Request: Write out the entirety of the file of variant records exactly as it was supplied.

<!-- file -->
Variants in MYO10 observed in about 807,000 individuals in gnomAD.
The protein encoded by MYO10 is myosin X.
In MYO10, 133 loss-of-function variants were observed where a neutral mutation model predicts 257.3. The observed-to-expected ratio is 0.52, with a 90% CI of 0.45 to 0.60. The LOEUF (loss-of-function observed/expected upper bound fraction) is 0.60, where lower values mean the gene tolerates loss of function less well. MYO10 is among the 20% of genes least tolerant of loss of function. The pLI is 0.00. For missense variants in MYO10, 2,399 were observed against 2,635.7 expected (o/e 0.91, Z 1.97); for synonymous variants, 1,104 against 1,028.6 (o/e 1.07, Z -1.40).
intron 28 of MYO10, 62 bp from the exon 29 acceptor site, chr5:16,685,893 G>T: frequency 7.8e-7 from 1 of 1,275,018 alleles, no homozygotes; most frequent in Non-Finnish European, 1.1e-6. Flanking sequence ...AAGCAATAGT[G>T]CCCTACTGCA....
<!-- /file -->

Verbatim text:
Variants in MYO10 observed in about 807,000 individuals in gnomAD.
The protein encoded by MYO10 is myosin X.
In MYO10, 133 loss-of-function variants were observed where a neutral mutation model predicts 257.3. The observed-to-expected ratio is 0.52, with a 90% CI of 0.45 to 0.60. The LOEUF (loss-of-function observed/expected upper bound fraction) is 0.60, where lower values mean the gene tolerates loss of function less well. MYO10 is among the 20% of genes least tolerant of loss of function. The pLI is 0.00. For missense variants in MYO10, 2,399 were observed against 2,635.7 expected (o/e 0.91, Z 1.97); for synonymous variants, 1,104 against 1,028.6 (o/e 1.07, Z -1.40).
intron 28 of MYO10, 62 bp from the exon 29 acceptor site, chr5:16,685,893 G>T: frequency 7.8e-7 from 1 of 1,275,018 alleles, no homozygotes; most frequent in Non-Finnish European, 1.1e-6. Flanking sequence ...AAGCAATAGT[G>T]CCCTACTGCA....